The mighty Ptuj Castle was built in the mid-12th century, when it was constructed to defend against the Hungarians. The oldest written record about the castle is by the chronicler of the Salzburg archbishop Konrad I, who occupied this position from 1106 to 1147. The old chronicler wrote that Konrad I had the castle rebuilt on the site of the old demolished one. That means that even before the 12th century, there was a constructed castle. What remains of it is the west tower, which belongs, according to the architecture, to the 10th or even the 9th century. In that period, there were most probably other buildings on the slope rising above Ptuj and belonging to the Salzburg archbishops, but no material evidence has been found so far.
The castle buildings were during all those centuries surrounded by ramparts, as the Ptuj castle was considered until the end of Turkish invasions as one of the mightiest fortresses in this part of the country. Of the defence system before the 16th century remain the west tower, some parts of the actual walls, both south towers and the north one. Ptuj was one of the bordering towns and the provincial government of Styria had decided to fortify the south border to resist Turkish invasions.
Other major construction works were commissioned by the Leslies and carried out at the end of the 17th century. The Romanesque palatial building was reconstructed, and the northeast wing was rebuilt. The most distinguished rooms were situated in both castle wings. Ceilings in the south wing were decorated with stucco. The actual Knights' Hall and the castle chapel, both situated in the north wing, are both two storeys high. In 1664, the former stables were built.
The last Lord of Ptuj, Friedrich IX, died in 1438. His tombstone made of red marble from Salzburg, is built in the ground floor of the castle, where it was brought from a devastated Dominican church.
From 1480 to 1490, Ptuj and the castle were in the hands of Magyars, who had to pass on the occupied area to the German Emperor Maximilian in 1490. The latter kept the town and the castle until 1511, and then sold them back to the Archbishops of Salzburg. Already in 1555, the Archbishop ceded the property to Ferdinand I. The castle remained the property of the provincial prince until 1622, when the Emperor Ferdinand II sold it to the Eggenberg family. In 1634 it became the property of the Thaunhausen family, who donated it to the Jesuits from Zagreb. The latter found themselves in financial troubles and sold the Ptuj castle in 1656 to Walter Leslie, Baron of Balquhane. In 1802 the family Leslie died out, and with the contract by the trust, the castle was attributed to the Dietrichstein family. This family died out in 1858, and thus the castle was judicially confiscated until it would be possible to determine its heir.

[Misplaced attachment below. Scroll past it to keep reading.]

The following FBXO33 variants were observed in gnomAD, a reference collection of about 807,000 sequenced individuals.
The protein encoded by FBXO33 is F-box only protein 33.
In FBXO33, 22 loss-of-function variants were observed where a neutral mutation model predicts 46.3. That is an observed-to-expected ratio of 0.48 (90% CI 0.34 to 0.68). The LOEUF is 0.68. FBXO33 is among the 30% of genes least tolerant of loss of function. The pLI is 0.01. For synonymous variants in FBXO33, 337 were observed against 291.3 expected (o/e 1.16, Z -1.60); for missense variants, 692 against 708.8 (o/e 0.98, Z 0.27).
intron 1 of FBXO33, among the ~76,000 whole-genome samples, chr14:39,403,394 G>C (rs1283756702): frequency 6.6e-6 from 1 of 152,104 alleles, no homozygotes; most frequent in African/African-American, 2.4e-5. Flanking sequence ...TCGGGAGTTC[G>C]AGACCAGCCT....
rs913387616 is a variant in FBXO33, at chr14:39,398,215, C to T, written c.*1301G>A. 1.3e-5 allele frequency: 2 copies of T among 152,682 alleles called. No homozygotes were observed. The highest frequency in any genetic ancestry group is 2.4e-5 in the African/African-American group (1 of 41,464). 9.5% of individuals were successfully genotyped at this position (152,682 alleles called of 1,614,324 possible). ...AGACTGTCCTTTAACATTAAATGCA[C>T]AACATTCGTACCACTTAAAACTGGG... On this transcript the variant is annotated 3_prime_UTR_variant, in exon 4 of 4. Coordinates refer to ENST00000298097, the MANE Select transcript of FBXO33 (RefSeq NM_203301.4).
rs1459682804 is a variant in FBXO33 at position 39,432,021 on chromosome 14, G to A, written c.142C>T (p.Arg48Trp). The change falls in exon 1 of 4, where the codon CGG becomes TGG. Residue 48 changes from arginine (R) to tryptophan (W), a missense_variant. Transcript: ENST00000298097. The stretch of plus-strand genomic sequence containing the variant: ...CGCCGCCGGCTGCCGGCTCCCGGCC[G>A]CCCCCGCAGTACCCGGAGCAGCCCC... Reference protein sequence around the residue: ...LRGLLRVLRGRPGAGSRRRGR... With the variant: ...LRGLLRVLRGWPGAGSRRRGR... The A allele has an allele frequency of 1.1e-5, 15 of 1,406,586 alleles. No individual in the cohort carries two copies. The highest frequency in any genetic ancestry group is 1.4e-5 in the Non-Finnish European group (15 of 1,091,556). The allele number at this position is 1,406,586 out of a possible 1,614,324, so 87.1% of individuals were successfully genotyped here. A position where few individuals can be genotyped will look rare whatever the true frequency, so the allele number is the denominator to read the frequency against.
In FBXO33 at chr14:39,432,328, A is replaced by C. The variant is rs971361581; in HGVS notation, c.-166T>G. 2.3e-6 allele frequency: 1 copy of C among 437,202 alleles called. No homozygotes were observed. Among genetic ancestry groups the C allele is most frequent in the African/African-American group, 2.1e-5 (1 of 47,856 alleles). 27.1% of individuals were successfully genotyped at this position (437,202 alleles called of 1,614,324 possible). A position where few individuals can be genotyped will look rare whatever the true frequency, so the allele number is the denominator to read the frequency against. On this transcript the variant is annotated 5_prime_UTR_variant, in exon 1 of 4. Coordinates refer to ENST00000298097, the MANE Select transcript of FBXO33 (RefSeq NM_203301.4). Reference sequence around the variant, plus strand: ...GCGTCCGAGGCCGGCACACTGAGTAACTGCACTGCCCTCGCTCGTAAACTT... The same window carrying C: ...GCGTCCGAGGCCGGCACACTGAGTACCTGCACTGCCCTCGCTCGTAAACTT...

Theresia Herberstein, the countess who bought the castle in 1873, literally saved it from ruin. She had all buildings thoroughly renovated and furnished anew. The Herbersteins remained in the castle until 1945. Immediately after World War II, the castle was turned into a museum.References:
The first historical record of Lednice locality dates from 1222. At that time there stood a Gothic fort with courtyard, which was lent by Czech King Václav I to Austrian nobleman Sigfried Sirotek in 1249.
At the end of the 13th century the Liechtensteins, originally from Styria, became holders of all of Lednice and of nearby Mikulov. They gradually acquired land on both sides of the Moravian-Austrian border. Members of the family most often found fame in military service, during the Renaissance they expanded their estates through economic activity. From the middle of the 15th century members of the family occupied the highest offices in the land. However, the family’s position in Moravia really changed under the brothers Karel, Maximilian, and Gundakar of Liechtenstein. Through marriage Karel and Maximilian acquired the great wealth of the old Moravian dynasty of the Černohorskýs of Boskovice. At that time the brothers, like their father and grandfather, were Lutheran, but they soon converted to Catholicism, thus preparing the ground for their rise in politics. Particularly Karel, who served at the court of Emperor Rudolf II, became hetman of Moravia in 1608, and was later raised to princely status by King Matyas II and awarded the Duchy of Opava.
During the revolt of the Czech nobility he stood on the side of the Habsburgs, and took part in the Battle of White Mountain. After the uprising was defeated in 1620 he systematically acquired property confiscated from some of the rebels, and the Liechtensteins became the wealthiest family in Moravia, rising in status above the Žerotíns. Their enormous land holdings brought them great profits, and eventually allowed them to carry out their grandious building projects here in Lednice.
In the 16th century it was probably Hartmann II of Liechtenstein who had the old medieval water castle torn down and replaced with a Renaissance chateau. At the end of the 17th century the chateau was torn down and a Baroque palace was built, with an extensive formal garden, and a massive riding hall designed by Johann Bernard Fischer von Erlach that still stands in almost unaltered form.
In the mid-18th century the chateau was again renovated, and in 1815 its front tracts that had been part of the Baroque chateau were removed.
The chateau as it looks today dates from 1846-1858, when Prince Alois II decided that Vienna was not suitable for entertaining in the summer, and had Lednice rebuilt into a summer palace in the spirit of English Gothic. The hall on the ground floor would serve to entertain the European aristocracy at sumptuous banquets, and was furnished with carved wood ceilings, wooden panelling, and select furniture, surpassing anything of its kind in Europe.